Remember John McCain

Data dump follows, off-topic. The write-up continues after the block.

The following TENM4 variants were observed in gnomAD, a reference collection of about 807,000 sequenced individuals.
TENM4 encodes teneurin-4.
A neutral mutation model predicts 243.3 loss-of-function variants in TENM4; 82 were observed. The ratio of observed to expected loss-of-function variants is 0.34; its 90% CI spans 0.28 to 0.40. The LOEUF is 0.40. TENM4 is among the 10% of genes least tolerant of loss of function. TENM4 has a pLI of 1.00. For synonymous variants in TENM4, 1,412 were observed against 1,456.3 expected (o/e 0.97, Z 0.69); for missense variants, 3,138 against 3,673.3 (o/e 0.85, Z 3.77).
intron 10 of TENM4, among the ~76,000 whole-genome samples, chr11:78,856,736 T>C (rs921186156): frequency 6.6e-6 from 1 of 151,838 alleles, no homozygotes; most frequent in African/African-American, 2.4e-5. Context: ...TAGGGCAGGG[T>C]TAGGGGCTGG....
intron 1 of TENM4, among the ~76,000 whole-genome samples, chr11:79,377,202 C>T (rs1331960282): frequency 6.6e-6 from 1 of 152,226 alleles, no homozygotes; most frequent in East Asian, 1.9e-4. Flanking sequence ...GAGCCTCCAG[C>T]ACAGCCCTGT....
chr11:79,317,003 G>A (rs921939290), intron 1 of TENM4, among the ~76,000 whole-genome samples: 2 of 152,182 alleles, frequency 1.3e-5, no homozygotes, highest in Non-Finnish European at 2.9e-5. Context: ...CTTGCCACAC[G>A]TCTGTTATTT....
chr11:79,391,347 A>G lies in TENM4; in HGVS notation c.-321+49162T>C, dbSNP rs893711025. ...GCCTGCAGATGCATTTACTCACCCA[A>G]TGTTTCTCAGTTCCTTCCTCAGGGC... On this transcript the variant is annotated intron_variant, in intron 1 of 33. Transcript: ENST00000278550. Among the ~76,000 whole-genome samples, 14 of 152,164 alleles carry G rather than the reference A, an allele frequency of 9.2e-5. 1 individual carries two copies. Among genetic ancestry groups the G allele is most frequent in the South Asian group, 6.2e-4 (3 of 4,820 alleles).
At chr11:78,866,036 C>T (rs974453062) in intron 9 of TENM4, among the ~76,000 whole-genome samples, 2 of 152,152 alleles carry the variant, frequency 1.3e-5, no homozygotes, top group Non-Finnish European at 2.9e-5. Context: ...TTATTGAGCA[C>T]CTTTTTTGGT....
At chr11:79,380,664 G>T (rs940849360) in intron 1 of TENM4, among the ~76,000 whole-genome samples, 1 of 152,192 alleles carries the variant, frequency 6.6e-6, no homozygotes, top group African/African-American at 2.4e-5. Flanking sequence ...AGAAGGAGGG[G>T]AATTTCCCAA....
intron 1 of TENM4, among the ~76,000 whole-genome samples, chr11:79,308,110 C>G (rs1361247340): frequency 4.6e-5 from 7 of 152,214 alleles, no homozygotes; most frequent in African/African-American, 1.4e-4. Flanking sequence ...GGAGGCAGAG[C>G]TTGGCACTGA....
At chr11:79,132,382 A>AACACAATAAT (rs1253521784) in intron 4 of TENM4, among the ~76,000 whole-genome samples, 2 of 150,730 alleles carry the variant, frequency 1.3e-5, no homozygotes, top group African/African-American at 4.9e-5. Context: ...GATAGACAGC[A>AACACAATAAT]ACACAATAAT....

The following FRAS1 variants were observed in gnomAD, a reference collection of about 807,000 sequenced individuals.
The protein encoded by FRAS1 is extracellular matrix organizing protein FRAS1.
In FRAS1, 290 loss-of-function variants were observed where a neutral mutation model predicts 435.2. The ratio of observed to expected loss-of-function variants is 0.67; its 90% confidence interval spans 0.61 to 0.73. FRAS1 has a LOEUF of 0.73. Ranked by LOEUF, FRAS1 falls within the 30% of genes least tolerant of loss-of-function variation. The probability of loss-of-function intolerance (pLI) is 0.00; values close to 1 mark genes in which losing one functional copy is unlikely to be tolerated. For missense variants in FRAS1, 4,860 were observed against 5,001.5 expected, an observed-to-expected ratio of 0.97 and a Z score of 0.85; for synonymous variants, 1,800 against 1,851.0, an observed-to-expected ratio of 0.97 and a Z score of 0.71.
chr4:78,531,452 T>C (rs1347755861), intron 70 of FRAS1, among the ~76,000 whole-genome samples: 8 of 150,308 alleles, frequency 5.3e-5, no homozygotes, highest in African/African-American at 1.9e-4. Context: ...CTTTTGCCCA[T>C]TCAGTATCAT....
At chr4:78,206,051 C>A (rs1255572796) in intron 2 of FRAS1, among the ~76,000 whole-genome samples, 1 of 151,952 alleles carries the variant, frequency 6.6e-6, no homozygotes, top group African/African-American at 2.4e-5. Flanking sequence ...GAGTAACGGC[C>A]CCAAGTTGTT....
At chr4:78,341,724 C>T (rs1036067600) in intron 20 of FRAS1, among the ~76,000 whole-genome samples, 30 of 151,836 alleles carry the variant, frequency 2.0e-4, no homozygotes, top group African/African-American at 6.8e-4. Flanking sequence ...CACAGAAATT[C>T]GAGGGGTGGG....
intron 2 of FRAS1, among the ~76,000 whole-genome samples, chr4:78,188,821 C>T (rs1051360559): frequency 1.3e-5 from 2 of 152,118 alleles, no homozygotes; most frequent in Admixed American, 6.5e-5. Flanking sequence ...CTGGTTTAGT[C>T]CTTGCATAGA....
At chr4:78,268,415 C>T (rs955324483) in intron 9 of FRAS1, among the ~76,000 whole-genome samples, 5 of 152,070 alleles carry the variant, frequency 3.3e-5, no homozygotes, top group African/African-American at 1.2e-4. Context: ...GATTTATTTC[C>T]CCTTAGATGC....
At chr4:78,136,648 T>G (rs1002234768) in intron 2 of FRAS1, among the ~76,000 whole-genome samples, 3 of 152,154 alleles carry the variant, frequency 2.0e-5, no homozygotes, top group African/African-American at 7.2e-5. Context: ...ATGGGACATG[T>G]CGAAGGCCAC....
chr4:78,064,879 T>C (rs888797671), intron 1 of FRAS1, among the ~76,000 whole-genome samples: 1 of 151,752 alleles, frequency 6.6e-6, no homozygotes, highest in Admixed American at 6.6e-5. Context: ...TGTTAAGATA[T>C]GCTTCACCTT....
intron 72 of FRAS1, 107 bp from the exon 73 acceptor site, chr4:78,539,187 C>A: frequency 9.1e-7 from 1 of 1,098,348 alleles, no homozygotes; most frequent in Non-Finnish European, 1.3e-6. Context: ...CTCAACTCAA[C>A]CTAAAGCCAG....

The sight of Jessie Jackson crying, Al Sharpton singing hand in hand with his pupils, crazed fans in Chicago cheering the hell out of their man, Mister History, Barack Obama — these are the sights of the most historic presidential victory of our nation. In his triumphant remarks, Mr. Obama thanked his family, his supporters and specifically, the unsung hero of his campaign, manager David Plouffe. While thanking Plouffe, he went as far as saying, “This is the best run campaign in U.S. history.” While sitting back in my blue-cloth seat in the Bishop common room, many seemed to agree. I thought of Bill Clinton winning against a fairly popular incumbent, and that incumbent’s son beating the extension of the very popular Clinton. However, when we look back at Obama’s triumph, let’s remember the guy that facilitated it all: John McCain. Really, as much as we like to trace Obama’s victory back to his community organizer days, we must trace McCain’s defeat all the way back to 2000. Against W, McCain’s everyman message transformed him into the main threat to the Bush Machine. His legitimate self-portrayal of an experienced mediator of two extremes juxtaposed Bush, who appeared a symbol of the Republican establishment. After a win in New Hampshire, McCain seemed poised to fight the primary out. However, after his loss in South Carolina, he listened to his advisors and pushed an anti-Bush campaign. Needless to say, he lost this smear fight to the master, Karl Rove. Instead of listening to his message, he turned to others. Fast forward to 2008. McCain has just recovered from his campaign crisis by winning, yet again, New Hampshire. Fast forward more, and his straight ahead approach beats the Republican flip-flop Mitt Romney. His ability to listen to his own message propelled him to the nomination he failed to receive in 2000. Fast forward to November 4, 2008, and he loses to Barack Obama. Let’s count the deviations from his original message: one — the shift from moderate to conservative, for the sake of votes, two — choosing the perfect political partner, Sarah Palin, and three — suspending his campaign, for a day, to help with the economic crisis. These gimmicks, and flat-out 180’s of ideology, destroyed his chances. He went from a small-government, budget-balancing, self-dependent choice to a money wasting, gimmick-reliant nominee. I credit all of these failures to his inability to listen to his original voice. Instead of choosing a person he knew well to saddle up with him for the home stretch, he chooses an unknown, Sarah Palin, who becomes the most misunderstood politician ever. All of these shifts destroyed what was an amazing, American product, a genuine public servant. To say Barack Obama deserves no credit is naïve. However, Jeremiah Wright, Tony Rezko, the economic crisis and Joe the Plumber almost offset the real ace in the hole for Obama: George W. Bush. John McCain failures can be summed up in by one of my favorite poems, by Rudyard Kipling. “If you can talk with crowds and keep your virtue, or walk with kings-nor lose the common touch…Your’s is the Earth and everything’s in it.” ’Nuff said. Sam Dodge is a three-year Senior and Co-President of the Republican Club from Ann Arbor, Mich.